Those who hope to secure the regime's cooperation in the campaign against fundamentalism by offering nuclear concessions to the mullahs are both increasing the chances of a nuclear-armed Iran and contributing to the spread of Islamic fundamentalism, i can't state this more firmly: The policy is Iran will not get a nuclear weapon.

  5. Northrop Grumman:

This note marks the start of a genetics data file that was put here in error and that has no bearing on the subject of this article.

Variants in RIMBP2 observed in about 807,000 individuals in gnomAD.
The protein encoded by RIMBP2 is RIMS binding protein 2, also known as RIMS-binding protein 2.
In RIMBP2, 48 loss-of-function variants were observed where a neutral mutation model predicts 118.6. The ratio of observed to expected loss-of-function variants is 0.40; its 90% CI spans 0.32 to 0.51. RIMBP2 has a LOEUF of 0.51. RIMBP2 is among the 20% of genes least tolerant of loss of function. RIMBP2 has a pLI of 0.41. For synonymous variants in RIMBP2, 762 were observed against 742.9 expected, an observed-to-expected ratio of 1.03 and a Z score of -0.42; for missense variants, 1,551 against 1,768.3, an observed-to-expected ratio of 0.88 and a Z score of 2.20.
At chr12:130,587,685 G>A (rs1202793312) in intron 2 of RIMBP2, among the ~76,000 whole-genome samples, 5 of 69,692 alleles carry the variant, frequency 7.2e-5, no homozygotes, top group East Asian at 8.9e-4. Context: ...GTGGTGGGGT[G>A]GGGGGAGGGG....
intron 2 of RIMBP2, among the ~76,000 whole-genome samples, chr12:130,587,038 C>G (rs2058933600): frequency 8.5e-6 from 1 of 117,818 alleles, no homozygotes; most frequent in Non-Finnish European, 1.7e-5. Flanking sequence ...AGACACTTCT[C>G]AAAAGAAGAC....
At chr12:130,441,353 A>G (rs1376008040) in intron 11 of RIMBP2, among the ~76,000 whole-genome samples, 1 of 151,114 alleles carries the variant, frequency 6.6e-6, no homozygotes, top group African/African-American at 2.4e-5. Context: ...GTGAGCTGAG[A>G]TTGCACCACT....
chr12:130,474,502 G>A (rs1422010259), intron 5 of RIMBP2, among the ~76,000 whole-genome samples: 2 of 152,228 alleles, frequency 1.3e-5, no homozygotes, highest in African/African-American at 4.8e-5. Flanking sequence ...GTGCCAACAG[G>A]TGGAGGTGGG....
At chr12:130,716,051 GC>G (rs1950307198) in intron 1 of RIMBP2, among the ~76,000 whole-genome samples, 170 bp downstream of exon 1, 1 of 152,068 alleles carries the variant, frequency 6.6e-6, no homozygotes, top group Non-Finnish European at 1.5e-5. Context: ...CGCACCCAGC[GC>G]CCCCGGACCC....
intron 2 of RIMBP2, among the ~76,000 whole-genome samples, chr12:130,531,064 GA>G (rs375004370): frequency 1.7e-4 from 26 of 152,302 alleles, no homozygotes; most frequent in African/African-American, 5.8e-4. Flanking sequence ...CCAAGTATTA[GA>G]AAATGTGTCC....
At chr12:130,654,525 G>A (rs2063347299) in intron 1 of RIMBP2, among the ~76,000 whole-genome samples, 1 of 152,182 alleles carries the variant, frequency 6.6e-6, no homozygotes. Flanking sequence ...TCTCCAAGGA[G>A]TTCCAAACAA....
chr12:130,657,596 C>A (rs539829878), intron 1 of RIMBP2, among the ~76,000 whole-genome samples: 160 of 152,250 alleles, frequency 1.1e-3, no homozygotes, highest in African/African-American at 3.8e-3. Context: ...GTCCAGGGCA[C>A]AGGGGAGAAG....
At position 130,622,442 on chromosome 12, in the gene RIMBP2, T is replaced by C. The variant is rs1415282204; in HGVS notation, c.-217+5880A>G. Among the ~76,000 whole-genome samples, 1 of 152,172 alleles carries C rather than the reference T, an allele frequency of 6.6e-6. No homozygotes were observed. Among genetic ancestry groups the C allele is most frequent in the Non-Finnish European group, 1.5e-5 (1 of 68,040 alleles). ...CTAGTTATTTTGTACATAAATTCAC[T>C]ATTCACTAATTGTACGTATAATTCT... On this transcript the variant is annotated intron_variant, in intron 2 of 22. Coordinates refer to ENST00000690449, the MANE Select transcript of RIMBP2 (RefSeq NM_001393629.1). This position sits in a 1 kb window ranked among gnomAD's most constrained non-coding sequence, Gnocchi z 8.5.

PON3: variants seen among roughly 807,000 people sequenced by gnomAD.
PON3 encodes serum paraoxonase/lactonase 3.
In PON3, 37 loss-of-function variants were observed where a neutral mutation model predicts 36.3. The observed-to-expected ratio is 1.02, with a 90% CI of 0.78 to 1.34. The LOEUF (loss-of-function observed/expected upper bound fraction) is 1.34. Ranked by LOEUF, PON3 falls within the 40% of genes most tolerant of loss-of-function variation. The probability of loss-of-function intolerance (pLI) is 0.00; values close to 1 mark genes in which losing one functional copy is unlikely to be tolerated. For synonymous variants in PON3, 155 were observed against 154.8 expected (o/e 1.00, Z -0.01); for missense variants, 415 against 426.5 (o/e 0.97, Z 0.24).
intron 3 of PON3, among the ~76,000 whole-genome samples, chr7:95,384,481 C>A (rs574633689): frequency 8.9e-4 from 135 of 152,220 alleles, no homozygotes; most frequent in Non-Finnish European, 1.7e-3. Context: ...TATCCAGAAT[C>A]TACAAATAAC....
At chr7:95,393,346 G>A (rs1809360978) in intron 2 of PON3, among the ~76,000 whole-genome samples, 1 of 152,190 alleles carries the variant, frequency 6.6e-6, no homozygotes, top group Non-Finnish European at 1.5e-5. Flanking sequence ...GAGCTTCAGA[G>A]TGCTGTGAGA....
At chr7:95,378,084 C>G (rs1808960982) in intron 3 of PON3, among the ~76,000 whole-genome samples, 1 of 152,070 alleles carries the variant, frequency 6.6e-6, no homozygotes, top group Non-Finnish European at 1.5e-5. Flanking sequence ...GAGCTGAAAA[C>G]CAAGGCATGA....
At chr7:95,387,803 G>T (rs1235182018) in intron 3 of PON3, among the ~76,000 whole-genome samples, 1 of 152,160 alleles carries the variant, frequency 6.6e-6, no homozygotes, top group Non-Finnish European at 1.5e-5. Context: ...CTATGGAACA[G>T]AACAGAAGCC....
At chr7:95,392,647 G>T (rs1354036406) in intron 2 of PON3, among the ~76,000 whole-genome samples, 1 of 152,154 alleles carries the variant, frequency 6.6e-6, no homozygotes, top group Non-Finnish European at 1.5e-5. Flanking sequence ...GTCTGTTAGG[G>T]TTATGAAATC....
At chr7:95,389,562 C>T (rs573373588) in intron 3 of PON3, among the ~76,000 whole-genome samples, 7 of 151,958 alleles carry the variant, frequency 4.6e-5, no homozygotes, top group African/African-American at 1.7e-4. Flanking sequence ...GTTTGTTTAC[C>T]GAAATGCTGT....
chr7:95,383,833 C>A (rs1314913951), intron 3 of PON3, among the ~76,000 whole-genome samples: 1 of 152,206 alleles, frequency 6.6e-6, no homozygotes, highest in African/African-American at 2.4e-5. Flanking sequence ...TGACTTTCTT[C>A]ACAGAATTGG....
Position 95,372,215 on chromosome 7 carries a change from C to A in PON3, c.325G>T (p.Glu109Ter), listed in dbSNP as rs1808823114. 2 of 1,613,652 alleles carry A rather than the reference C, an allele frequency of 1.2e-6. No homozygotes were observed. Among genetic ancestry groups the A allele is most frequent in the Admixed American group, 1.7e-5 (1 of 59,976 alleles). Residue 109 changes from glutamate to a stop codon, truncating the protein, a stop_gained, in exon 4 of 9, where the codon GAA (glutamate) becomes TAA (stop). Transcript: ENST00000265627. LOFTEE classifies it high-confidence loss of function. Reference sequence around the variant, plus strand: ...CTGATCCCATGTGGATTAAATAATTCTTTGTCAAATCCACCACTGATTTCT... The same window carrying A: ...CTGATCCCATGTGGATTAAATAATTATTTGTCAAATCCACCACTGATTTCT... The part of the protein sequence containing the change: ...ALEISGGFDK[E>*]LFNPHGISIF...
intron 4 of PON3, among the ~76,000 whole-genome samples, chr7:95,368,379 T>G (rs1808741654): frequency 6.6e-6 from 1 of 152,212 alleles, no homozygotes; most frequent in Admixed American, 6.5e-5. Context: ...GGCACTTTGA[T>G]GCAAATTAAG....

. The new strike bomber will start deploying in about a decade. The aircraft is expected to replace the nearly four-decades old B-1 as well as the legendary B-52 Stratofortress that has served the country for about six decades. Related : Marine Corps ' new helicopter completes Marine Corps ' new helicopter first flight This new bomber will be fully loaded with lots of technologies and next-gen innovations that are cloaked in secrecy. Marine Corps ' new helicopter may even withstand nuclear weapon-generated electromagnetic pulses( EMPs) and still operate. What will Marine Corps ' new helicopter be like ? The military has kept details of the wish list for its new bomber classified. During the Super Bowl, Northrop Grumman’s ad featured a new aircraft shrouded in mystery – literally cloaked at one point. Some industry experts believe this was a representation of Northrop’s vision for the new mysterious bomber. B-2 We can look to the B-2 bomber, also made by Northrop Grumman, for an idea of what we might expect. The B-2 aircraft has been a mainstay for the military with The B-2 aircraft stealth long-range and big payload strike bomber capabilities. Related : Navy taps Raytheon for sophisticated' last chance' gun system The B-2 Spirit Bomber carries a crew of two and took its first flight in 1989 and entered the operational fleet in 1993. The original B-2 fleet was 21 aircraft. The four 19,000-pound-thrust F118-GE engines give the B-2 its power, allowing it to fly more than 600 miles per hour. With a 172-foot wingspan, the B-2 can fly to a ceiling of 50,000 feet. B-2 is built for stealth. During the Cold War, it was designed to beat air defense systems, penetrating deep into Soviet Union airspace and deliver a nuclear bomb if necessary. Cold War design allows it to evade radar and makes it tough to detect. Instead of metal, the structure is made from advanced composites like resin-impregnated graphite fiber. Related : Meet' Viper' - the newest F-16 Fighter The aircraft can travel a very long range - to approximately 6,000 nautical miles. If the aircraft is refueled while in the air, then it can fly even farther - an additional 4,000 miles without landing. The B-2 Spirit Bomber can carry more than 40,000 pounds of nuclear or conventional munitions – that’s the kind of power that can dramatically change the battle space in one flight. The aircraft is designed to deliver these munitions precisely on target even in adverse weather conditions. Whiteman Air Force Base in Missouri is home to the majority of the current B-2 fleet. The aircraft has deployed recently in combat in Libya, Afghanistan and Iraq. Related : 11 stunning F-22 fighter jet images Since it was introduced more than 20 years ago, many advances have been incorporated to improve the B-2's lethality. The aircraft’s ability to receive updated target data while in the midst of a mission was also improved. Other upgrade programs improved the B-2’s capabilities to collect, process and then distribute battlefield data to teams throughout the world. The sleek B-2 has a unique flying wing design that supports its radar evasion and hard to detect design. The Super Bowl commercial showed a sort of bat wing shape, similar to B-2, but the specs of the new plane have remained secret. The Air Force has made the right decision for our nation's security, as the company that developed and delivered the B-2 Spirit stealth bomber, we look forward to providing The Air Force with a highly-capable and affordable next-generation Long-Range Strike Bomber.